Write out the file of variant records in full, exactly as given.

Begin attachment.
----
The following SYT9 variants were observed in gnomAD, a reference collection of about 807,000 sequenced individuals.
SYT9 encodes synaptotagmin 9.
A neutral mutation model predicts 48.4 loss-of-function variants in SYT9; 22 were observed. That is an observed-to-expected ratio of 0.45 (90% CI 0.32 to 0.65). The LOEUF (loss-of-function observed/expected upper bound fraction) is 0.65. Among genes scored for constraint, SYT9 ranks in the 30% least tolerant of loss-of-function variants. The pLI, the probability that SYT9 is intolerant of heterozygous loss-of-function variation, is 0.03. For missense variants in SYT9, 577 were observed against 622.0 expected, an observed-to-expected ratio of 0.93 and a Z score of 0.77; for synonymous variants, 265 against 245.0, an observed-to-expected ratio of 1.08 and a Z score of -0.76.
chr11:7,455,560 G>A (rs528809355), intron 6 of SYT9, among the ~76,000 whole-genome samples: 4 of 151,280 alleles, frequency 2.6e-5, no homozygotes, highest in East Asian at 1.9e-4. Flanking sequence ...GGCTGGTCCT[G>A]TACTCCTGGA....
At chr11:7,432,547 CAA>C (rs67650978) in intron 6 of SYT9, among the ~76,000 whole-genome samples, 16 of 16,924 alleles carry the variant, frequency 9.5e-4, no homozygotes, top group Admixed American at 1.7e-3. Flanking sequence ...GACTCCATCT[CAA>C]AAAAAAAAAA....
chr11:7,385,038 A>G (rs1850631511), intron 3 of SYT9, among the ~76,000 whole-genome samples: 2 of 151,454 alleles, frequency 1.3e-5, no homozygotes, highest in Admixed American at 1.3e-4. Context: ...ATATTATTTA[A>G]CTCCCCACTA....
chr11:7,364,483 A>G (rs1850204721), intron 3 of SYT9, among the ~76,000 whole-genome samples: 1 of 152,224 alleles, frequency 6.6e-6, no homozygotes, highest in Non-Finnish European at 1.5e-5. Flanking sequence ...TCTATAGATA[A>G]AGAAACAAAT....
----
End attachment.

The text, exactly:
The following SYT9 variants were observed in gnomAD, a reference collection of about 807,000 sequenced individuals.
SYT9 encodes synaptotagmin 9.
A neutral mutation model predicts 48.4 loss-of-function variants in SYT9; 22 were observed. That is an observed-to-expected ratio of 0.45 (90% CI 0.32 to 0.65). The LOEUF (loss-of-function observed/expected upper bound fraction) is 0.65. Among genes scored for constraint, SYT9 ranks in the 30% least tolerant of loss-of-function variants. The pLI, the probability that SYT9 is intolerant of heterozygous loss-of-function variation, is 0.03. For missense variants in SYT9, 577 were observed against 622.0 expected, an observed-to-expected ratio of 0.93 and a Z score of 0.77; for synonymous variants, 265 against 245.0, an observed-to-expected ratio of 1.08 and a Z score of -0.76.
chr11:7,455,560 G>A (rs528809355), intron 6 of SYT9, among the ~76,000 whole-genome samples: 4 of 151,280 alleles, frequency 2.6e-5, no homozygotes, highest in East Asian at 1.9e-4. Flanking sequence ...GGCTGGTCCT[G>A]TACTCCTGGA....
At chr11:7,432,547 CAA>C (rs67650978) in intron 6 of SYT9, among the ~76,000 whole-genome samples, 16 of 16,924 alleles carry the variant, frequency 9.5e-4, no homozygotes, top group Admixed American at 1.7e-3. Flanking sequence ...GACTCCATCT[CAA>C]AAAAAAAAAA....
chr11:7,385,038 A>G (rs1850631511), intron 3 of SYT9, among the ~76,000 whole-genome samples: 2 of 151,454 alleles, frequency 1.3e-5, no homozygotes, highest in Admixed American at 1.3e-4. Context: ...ATATTATTTA[A>G]CTCCCCACTA....
chr11:7,364,483 A>G (rs1850204721), intron 3 of SYT9, among the ~76,000 whole-genome samples: 1 of 152,224 alleles, frequency 6.6e-6, no homozygotes, highest in Non-Finnish European at 1.5e-5. Flanking sequence ...TCTATAGATA[A>G]AGAAACAAAT....